God and Calhoun at Yale

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You can tell skilled debaters from amateurs by this simple test: skilled debaters can argue either side of the argument with equal success. It’s why public defenders are often better attorneys than public prosecutors. In most situations, public prosecutors can choose which case to take to court. Given this option, it’s not surprising to see them avoid cases they don’t agree with. Public defenders have no similar choice. They must make a case for the defendant whether they believe that defendant is guilty or not. Unlike private defense attorneys, who may choose not to represent any particular party, public defenders have no right to pick and choose their cases.

It’s easy to see why people sometimes think less of the legal profession. The ability to argue either side of any issue with the same fervor can indicate a certain level of amorality that can make a preacher’s skin crawl. After all, in the court of law, judgment is fungible – the power of a lawyer’s rhetoric can sway it. On the other hand, from the point of view of the pulpit, Continue Reading “God and Calhoun at Yale”

Leadership Lessons of William Henry Harrison

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Our nation’s Founding Fathers were well studied men. When called upon to forge a new nation, they looked upon the lessons of the Classical Age for their source. But it wasn’t merely a litany of Greek and Roman heroes they sought. They dug deeper. They wanted to learn not only what succeeded, but what failed. They learned this about great nations, great government, and great men. Greek literature teaches us that every heroic character contains both good traits and bad traits. We learn the good traits to know what to mimic. We learn the bad traits to know what to avoid. So it is with the leadership lessons we learn from our presidents. Not all those lessons teach us what to do. Some teach us what not to do.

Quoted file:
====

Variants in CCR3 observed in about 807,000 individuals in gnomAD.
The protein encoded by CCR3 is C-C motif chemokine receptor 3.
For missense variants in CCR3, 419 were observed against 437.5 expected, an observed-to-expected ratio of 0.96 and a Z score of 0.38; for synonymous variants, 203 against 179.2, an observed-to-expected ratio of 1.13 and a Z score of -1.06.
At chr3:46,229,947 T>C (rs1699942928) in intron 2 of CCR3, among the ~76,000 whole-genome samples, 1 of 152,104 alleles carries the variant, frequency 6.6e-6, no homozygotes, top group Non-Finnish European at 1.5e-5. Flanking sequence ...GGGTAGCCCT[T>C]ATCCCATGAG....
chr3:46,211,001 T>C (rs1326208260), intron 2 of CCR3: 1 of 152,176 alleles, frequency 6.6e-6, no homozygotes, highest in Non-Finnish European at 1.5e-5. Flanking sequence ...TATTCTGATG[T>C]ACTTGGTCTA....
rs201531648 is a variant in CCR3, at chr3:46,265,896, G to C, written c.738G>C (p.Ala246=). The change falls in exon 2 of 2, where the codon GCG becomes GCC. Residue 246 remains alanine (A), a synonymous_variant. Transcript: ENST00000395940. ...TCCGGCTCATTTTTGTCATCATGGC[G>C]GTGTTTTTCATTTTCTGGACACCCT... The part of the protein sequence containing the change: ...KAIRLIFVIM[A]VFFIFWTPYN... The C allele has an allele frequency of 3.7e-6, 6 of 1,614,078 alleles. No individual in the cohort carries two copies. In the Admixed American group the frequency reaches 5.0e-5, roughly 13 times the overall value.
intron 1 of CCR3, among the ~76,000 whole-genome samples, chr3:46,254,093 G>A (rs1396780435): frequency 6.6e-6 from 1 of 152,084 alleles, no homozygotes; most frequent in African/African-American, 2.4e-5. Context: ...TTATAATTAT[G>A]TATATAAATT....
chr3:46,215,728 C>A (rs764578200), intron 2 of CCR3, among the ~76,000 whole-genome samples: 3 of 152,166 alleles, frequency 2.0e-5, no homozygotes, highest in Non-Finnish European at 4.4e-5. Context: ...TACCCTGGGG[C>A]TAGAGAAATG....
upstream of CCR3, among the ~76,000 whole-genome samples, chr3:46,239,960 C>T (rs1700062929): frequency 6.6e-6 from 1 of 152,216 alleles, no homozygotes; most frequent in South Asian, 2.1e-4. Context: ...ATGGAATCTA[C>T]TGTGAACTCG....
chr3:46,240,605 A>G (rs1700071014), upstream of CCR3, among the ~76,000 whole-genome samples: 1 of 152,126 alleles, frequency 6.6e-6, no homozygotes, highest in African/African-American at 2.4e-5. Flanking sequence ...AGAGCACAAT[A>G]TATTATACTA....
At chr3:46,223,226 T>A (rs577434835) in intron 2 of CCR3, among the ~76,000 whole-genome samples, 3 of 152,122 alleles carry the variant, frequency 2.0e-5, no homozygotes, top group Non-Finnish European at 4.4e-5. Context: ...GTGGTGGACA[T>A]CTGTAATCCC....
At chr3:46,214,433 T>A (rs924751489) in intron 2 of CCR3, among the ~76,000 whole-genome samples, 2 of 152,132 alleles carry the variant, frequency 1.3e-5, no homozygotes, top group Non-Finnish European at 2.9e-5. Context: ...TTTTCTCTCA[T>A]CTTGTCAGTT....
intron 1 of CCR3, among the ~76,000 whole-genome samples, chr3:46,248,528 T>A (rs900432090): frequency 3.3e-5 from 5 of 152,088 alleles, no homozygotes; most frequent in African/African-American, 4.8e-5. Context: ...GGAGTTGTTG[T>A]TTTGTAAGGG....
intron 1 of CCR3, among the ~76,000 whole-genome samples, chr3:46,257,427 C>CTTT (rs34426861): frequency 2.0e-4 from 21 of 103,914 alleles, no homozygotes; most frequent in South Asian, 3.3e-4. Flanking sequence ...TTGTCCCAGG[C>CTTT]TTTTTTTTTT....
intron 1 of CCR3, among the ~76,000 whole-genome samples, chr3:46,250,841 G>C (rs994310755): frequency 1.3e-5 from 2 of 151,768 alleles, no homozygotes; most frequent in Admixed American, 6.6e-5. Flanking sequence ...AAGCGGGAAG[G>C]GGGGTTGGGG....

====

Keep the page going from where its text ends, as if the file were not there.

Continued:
William Henry Harrison was born on February 9, 1773 on his family’s plantation in Charles City County, Virginia. The ninth president of the United States, he was the last one born as a British subject (his father signed the Declaration of Independence), but the first one to have his picture taken while in office. He’s also the only president whose grandson would later become president (Benjamin Harrison served as the 23rd president from 1889 to 1893). He’s perhaps best known as the president who gave the longest inaugural address (taking almost 2 hours to read its 8,445 words) and served the shortest time in office (31 days). At 68 years of age, Harrison was the oldest president to be inaugurated until Ronald Reagan topped him by a year in 1980 (who was then surpassed by Donald Trump who was age 70 when he was sworn in).Continue Reading “Leadership Lessons of William Henry Harrison”

What The University of Chicago Can Teach Yale

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nathan_hale_statue_flanked_by_two_soldiers_yale_university_1917They took all incoming freshman on a special tour within a day of our arrival at the campus in New Haven. Those were ancient times, when many (like me) had neither the time nor the treasure to visit colleges prior to matriculation (let alone application). To this day, one fact from that introductory outing stands out in my much more crowded brain – the visit inside and around Connecticut Hall. Completed in 1757, this last remaining survivor of Yale’s “Old Brick Row” served as a dormitory for nearly two centuries. It was declared a National Historic Landmark in 1965.

But that’s not what I remember.

Here’s what I remember: First, there was some obscure graffiti left on an interior wall. Supposedly more than a century old, I don’t remember what it said. All I remember feeling upon hearing this story is that college students have always been rascals and Yale apparently didn’t mind – and even glorified – these youthful misdemeanors.

The second memory carried far greater weight. Outside of Connecticut Hall stands a Continue Reading “What The University of Chicago Can Teach Yale”